stage the therapist aims to challenge negative thoughts using the Socratic
questions in a humanistic approach, the therapist goal is to restructure the
negative thoughts or schemas by rational thinking and questioning their
internal perspective of events or in effect reconfiguring their thought
patterns or schemas to be more in line with evidence rather than belief. The
last stage and possibly the most important to prevent relapse, individuals are
encouraged to change their beliefs that have an influence in negative thoughts
by testing their perceived ideas with the new and accurate information. Naturally
depression is different for everyone, though they do share commonalities and
different intensities dependant on the situational occurrences and personality
types in a sense depression can be said to be on a spectrum.

CBT has been tested and compared
to antidepressants treatment. In the 90’s cbt was comparable to
antidepressants, a combination of both was not shown to be any better than each
separately. McGinn,  (2000) and Mor & Haran, (2009) stated that neither treatment
achieved more than 60% success however relapse rates for antidepressants was in
the 60% range whilst with CBT in the region of 30% interestingly the national
institute of mental health treatment of depression collaborative research
program (TDCRP) conducted trials and compared placebo, antidepressants, IPT and
CBT and concluded CBT was inferior to IPT and antidepressants and was no more
effective than placebo ( McGinn, 2000),  ironically, TDCRP was the only study that
found CBT inferior than antidepressants, however the alleged discrepancies was
more to do with therapist skill level and adherence to treatment protocols. As
mentioned by Mor & Haran, (2009) experienced CBT practitioners where liken
to antidepressant medication outcomes however CBT does have variations, such as
transdiagnostic approach, is a treatment basis that uses the theoretical
underpinnings of a condition and approach the treatment to individuals with a
kind of blanket approach as opposed to tailoring it to the patients. Hague, Scott & Kellett, (2014) however this
approach was not significant with respect to tailor made treatment.

One important aspect of
CBT treatment is the therapeutic relationship between client and therapist, as mentioned
earlier, skill level of the therapist is paramount Abel et al., (2016)
discusses the phenomenon of sudden gain by definition it refers to clients
whilst following the protocols to CBT treatment, has a cognitive shift and improvement
is far quicker and significant even to the point of less relapse rates among
sudden gain clients. The underlying factor is case conceptualization by the
therapist (a process where the therapist visualises the current situation and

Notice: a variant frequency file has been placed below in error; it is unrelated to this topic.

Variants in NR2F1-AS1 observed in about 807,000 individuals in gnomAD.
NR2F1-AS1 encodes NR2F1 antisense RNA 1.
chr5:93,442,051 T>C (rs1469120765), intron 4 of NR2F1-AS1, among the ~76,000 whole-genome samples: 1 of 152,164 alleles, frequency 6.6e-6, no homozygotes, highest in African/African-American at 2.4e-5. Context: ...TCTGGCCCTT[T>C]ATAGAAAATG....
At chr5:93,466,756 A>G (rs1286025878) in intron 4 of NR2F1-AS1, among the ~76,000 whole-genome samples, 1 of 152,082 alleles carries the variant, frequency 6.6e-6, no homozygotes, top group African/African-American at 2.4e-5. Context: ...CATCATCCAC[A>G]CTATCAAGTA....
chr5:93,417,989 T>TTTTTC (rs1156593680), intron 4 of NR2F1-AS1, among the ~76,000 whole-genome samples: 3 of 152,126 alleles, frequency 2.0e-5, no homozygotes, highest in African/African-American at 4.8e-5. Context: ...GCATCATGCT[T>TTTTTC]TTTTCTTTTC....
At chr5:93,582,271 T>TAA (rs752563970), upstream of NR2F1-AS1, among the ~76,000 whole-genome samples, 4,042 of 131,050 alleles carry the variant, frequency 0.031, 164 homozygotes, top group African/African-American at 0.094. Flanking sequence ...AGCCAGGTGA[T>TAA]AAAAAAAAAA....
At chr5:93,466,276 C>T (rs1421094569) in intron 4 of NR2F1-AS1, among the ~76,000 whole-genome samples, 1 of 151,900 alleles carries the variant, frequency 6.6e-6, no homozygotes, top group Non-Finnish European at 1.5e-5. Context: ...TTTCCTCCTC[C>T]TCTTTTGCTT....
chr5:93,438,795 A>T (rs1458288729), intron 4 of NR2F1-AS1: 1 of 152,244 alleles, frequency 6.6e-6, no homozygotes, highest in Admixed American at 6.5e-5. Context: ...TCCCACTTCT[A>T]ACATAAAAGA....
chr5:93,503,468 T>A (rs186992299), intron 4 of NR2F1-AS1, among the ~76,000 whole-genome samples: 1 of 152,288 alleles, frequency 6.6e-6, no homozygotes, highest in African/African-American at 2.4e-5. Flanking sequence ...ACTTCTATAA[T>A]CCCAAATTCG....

sign posts to the client what the problem maybe, what needs to be done) as
discussed by Abel et al., (2016) therapist that partake in this process shows
far more skill than therapist that don’t and thus the client perceives that the
therapist knows what he/she is doing and gives hope to the client because the he/she
can lean on someone who understands them completely in respect to their
condition and objectively will experience confidence in the therapist and the

More in line with current
facts CBT is in line with antidepressants approx. 58% after 16 weeks however
relapse rates were 30% for cbt while antidepressants were over 75%. TDCRP did a
re analysis and found CBT superior than antidepressants and a combination to be
equally as effective (McGinn, 2000; Mor &
Haran, 2009; Sudak, 2012). Interestingly complete
recovery from major depression by use of CBT treatment was shown to be 61% whilst
antidepressant medication, was shown to have only a 39% chance of recovery (Sudak,
2012). Fundamentally this can be explained on the basis that eventually both
treatments will eventually seize, inferentially, CBT program gives the
individual the opportunity to learn cognitively as well as behaviourally whilst
with medicine there an epigenetic variable which could be lasting or as it has
been shown statistically more chance of a temporary fix (Roshanaei?Moghaddam et
al., 2011) subsequently, though CBT is very affective, its no more efficacious
that other psychotherapies (Leanne, Sharon & Dan, 2010).

Moving in line with the
age of information technology  Foroushani,
Schneider & Assareh, (2011) explored CBT to be administered via computer
without a face to face or a therapist intervention the cCBT package was found
to be a positive on treatment for mild forms of depression however it is still
considered in its infancy, consequently with our Health service over stretched,
could be used and explored in moderate amounts in group sessions with a
therapist to debrief individuals.